For the smallest protists you put the sample, preferably concentrated by filtration, in a container which accepts four times the same volume. You wait until the animals (rotifers, gastrotriches, nematodes, protozoa, etc.) resume their normal activity, and you suddenly add a double volume of almost boiling water. As Edmondson notes (1959), organisms in the region where you poured the water are certainly overheated, and the edge of the container did not receive enough heat, but a ring located between the two zones will present animals in a state of perfect extension. Yes, you do have the task to seek them out drop by drop, but Edmondson notes that it is the only method which makes it possible to fix some specimen of Notommata (a very difficult to fix rotifer) with its "auricles" spread out well.
Epiphanes, captured x40, mosaic of two
Mytilina, captured x40, amalgamated with
Cyclopid copepod, captured x40. Mosaic of 10
images. Original is 1028 x2000 pixels.
I have lost the original pictures of these two
beautiful rotifers.So I present only the two icons
Click over the image
to see a 55% reduction of the original
Generally after fixing by hot water, one makes a post fixing with a conventional fixative (alcohol 70% for entomostraca, lactocupric for the smallest invertebrates, etc. according to the species present in the sample). I always do this, and I advise you to do the same.
The professionals and some amateurs as well, fix some materials, (primarily for histology), with the microwave oven. This certainly requires a "laboratory oven" or the careful calibration of your domestic one. It is possible to do it. I calibrated mine.
An amoeba at 100x killed by the boiling
But the microwave times for the very small quantities of the materials used are so short, and the adjustment so difficult (because of the irregular distribution of radiation in the space of most of the domestic ovens), that I have given up after having cooked many nematodes, rotifers and protozoa. The oven is better used to heat the water or the fixative which you would use, or to dry the border sealing your coverslips (for this last application be very careful, start with a time of not more than 5 seconds of exposure at 100% power). If you want to heat a larger sample ensure that the rise in temperature (even if it is reached in 2 minutes) is gradual and not instantaneous as when you add almost boiling water, the surprise factor is lost and your subjects can contract.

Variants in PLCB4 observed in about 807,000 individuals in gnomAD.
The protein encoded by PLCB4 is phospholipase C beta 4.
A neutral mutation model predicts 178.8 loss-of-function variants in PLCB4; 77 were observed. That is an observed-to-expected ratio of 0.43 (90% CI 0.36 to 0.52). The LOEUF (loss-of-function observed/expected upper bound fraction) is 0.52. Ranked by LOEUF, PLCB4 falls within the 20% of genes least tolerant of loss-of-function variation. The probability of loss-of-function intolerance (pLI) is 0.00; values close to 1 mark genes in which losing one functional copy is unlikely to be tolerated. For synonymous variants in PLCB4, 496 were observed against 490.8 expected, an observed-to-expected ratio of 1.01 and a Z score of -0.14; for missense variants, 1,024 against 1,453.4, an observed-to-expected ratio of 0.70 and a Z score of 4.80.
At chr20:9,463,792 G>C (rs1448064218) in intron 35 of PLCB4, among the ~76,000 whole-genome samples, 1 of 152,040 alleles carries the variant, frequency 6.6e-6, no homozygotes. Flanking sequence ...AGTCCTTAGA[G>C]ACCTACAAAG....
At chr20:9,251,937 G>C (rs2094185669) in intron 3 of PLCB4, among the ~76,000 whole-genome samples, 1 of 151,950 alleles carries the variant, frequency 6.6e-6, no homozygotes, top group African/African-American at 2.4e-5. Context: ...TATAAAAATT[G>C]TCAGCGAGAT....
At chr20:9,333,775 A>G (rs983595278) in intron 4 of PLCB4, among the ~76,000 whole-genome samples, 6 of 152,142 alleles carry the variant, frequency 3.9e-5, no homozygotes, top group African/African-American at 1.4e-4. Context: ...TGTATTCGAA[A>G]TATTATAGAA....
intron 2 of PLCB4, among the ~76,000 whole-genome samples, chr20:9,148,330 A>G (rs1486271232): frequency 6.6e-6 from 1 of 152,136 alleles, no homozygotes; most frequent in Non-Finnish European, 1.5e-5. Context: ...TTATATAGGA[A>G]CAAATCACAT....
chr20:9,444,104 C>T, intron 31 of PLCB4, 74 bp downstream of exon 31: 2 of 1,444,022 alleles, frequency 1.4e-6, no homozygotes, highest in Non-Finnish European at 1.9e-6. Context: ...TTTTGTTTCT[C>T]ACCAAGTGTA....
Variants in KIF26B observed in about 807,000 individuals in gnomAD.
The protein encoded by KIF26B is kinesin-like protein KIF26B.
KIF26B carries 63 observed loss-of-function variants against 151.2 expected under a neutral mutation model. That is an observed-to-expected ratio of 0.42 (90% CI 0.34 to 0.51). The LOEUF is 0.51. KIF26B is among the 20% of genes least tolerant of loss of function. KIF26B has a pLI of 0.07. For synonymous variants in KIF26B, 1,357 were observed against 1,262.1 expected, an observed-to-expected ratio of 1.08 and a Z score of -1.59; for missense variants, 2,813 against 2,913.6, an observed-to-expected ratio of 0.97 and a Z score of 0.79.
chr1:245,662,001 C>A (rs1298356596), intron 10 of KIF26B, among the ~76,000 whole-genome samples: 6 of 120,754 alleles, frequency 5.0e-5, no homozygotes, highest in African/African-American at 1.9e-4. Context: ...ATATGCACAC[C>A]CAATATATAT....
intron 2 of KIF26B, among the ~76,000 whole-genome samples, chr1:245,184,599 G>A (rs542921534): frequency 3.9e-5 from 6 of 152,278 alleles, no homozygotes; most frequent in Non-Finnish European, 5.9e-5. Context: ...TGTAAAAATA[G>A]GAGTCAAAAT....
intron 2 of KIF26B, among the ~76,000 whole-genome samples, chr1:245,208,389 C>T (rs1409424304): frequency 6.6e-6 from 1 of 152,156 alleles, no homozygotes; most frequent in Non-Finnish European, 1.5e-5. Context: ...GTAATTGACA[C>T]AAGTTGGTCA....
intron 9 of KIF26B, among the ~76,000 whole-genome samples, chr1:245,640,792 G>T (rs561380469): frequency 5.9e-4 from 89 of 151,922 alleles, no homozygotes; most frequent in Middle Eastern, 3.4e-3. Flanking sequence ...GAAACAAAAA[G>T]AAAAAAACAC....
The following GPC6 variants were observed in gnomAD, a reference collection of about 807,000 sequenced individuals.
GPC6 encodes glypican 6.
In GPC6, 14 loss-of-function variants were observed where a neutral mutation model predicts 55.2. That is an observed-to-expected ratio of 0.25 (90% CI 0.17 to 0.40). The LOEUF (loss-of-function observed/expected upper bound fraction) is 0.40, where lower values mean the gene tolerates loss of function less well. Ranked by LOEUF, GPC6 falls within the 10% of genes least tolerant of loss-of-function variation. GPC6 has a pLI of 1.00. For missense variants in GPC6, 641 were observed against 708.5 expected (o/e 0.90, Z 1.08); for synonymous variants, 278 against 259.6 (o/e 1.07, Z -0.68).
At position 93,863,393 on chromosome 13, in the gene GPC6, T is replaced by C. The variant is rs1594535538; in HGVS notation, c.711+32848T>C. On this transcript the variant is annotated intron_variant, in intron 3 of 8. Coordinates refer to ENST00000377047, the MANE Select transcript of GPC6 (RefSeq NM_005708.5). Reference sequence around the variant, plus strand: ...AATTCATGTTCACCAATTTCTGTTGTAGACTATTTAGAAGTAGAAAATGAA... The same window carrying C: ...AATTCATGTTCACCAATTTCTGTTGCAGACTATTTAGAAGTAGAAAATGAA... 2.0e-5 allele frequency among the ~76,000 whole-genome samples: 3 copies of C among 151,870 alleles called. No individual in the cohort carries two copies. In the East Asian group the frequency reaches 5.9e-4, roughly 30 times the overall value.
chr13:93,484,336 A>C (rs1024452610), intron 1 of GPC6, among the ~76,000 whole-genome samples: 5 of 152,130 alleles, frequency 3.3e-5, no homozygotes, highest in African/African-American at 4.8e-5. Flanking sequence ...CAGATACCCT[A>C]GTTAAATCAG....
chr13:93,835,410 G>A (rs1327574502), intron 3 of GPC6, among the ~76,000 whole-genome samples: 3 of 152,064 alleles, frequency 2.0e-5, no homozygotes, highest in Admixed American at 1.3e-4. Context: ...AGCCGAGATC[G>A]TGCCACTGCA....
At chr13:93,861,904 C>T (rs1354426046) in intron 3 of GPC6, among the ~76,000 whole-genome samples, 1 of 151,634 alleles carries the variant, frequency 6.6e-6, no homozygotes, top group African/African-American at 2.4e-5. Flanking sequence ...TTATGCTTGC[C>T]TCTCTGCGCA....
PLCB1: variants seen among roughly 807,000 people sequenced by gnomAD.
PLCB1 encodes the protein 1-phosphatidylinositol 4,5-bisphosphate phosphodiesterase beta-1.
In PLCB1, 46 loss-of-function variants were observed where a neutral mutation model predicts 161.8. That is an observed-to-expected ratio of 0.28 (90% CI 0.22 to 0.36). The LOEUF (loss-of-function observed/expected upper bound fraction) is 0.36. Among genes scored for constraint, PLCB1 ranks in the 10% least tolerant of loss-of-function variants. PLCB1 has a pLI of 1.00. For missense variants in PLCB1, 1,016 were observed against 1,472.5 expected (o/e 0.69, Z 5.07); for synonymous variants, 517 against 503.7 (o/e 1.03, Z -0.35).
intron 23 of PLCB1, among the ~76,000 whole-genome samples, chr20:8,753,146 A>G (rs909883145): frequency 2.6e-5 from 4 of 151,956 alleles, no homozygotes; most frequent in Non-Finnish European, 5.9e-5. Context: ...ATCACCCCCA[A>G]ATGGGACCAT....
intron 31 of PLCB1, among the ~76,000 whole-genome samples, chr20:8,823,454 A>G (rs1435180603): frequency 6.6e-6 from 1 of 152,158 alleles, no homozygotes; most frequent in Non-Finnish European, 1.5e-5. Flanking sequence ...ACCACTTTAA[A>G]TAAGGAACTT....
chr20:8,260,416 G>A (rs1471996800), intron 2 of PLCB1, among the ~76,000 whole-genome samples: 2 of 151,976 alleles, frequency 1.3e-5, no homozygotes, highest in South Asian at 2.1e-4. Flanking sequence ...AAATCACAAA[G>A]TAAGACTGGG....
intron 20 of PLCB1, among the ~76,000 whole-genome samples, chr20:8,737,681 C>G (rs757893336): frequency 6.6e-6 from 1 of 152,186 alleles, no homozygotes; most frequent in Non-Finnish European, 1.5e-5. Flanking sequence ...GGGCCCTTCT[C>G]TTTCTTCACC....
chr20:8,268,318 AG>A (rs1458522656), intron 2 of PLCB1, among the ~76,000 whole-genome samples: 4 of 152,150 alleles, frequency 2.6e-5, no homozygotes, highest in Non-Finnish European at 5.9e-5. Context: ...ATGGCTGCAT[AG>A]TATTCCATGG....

crystals………………….. 5 g
Keep in brown or opaque bottles. Add 0.5 ml to 100 ml of
All those who work with plankton samples know the so-called "Lugol's solution" which is employed to fix such samples. It is really Rhode’s fixative (Lugol's solution almost 10 times concentrated + acid acetic, or potassium acetate) which is employed. It is very suitable to preserve phytoplankton, protozoa and rotifers in the plankton, to which iodine (a heavy element) adds weight, and cause their quick precipitation, allowing its concentration.
Euglena prob. oxyuris, x100 OI
Collage of microflagellates x100 OI, taken from
several pictures. Click the
image to see a labeled copy
Phacus pyrum, x100 OI